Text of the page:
It’s business as usual at the V&A Waterfront after a fire broke out in the basement last week Wednesday, November 14.
Waterfront spokesperson Donald Kau said an electrical substation caught alight in the basement of the Victoria Wharf shopping centre.
“We believe it was due to overheating. The fire was contained to the immediate area in the basement of the shopping centre and there was no structural damage to the area. The damage was limited to cabling and distribution boards.”
He said most of the tenants were trading normally, including Pick n Pay, which was nearest to the fire. “We have had some power fluctuations with the power supply as we switch between back-up generators to normal electrical supply. The rest of the V&A is operating normally.”
Mr Kau said nobody was injured and the mall was evacuated due to smoke, however, people who were at the mall say that the space was not evacuated, and that the Waterfront staff did not want to set off the fire alarm without permission from management.
A video posted on Facebook by JP Terblanche at the Waterfront on the day of the fire showed dense smoke in the mall.
In the video, he said: “I have requested the fire alarm to go off. There is a transformer on fire, I believe at the bottom. You cannot breathe inside here.
I have spoken to the security management. They refuse to put on the alarm and said someone is already on their way.
They are not evacuating the building, they are not closing down the stuff – it’s only the bottom floor. People are just walking through. They (the staff) strictly refused to put on the fire alarm. This has been continuing for half an hour already. I want to know what’s going on. They cannot give me answers.”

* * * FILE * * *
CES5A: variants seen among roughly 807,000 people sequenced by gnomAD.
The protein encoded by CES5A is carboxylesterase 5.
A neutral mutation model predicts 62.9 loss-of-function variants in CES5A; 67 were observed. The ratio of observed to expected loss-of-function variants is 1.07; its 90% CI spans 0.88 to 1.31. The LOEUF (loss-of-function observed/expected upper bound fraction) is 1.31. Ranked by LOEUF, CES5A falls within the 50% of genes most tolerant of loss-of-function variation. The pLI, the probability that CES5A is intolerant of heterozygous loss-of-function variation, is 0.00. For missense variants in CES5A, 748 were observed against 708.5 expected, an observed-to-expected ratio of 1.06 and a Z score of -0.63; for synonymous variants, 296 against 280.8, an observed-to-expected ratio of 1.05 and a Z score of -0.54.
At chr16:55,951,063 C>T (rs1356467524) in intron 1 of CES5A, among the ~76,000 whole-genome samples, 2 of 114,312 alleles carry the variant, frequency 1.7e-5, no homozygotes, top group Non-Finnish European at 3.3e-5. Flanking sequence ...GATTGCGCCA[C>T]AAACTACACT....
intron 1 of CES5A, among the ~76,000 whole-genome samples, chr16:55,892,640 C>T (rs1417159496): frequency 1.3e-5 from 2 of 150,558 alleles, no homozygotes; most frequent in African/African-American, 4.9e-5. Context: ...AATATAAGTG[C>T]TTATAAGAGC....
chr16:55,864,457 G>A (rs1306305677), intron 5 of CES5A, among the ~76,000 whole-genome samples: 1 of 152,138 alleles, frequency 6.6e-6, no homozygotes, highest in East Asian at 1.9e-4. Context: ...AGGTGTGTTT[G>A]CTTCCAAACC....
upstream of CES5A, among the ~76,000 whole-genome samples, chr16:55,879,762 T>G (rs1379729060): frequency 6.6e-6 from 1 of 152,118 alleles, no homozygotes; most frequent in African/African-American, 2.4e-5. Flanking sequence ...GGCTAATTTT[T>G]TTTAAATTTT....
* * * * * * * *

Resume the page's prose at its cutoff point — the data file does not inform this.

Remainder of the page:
Donna Wong wrote that she was stuck in the lift from 6pm till 6.20pm. “The help button in the lift did not work and I was struggling with smoke inhalation! Was so scary. No security attempted to call for help. So disappointed at V&A Waterfront as it didn’t seem at all prepared.”
Mr Kau said the fire was isolated to a small area in the basement section of the mall and was “rapidly” brought under control by the City of Cape Town Fire and Rescue Services.
“What the visitors experienced is the partial evacuation of a section of mall when the fire started. In this instance, alarms were activated in the area closest to the incident and the public would have been directed by our security to areas of safety via designated exits away from the incident and the smoke that would have travelled into the upper areas of the mall.”
He said the safety and evacuation procedures such as the triggering of alarms are managed by trained personnel on site throughout the V&A Waterfront and would not be left to the public to activate.
“The same applies to operating lifts during an emergency… the opening of these doors should be left to trained personnel who work with emergency services to assist the public during emergencies.”
Fire and rescue service spokesperson Theo Layne said the cause of the fire was an electrical short circuit. Mr Layne said there was no need for evacuation.
“The assessment of the fire situation was done by the first arriving crews and if there was a need to initiate evacuations then they would definitely have done so.”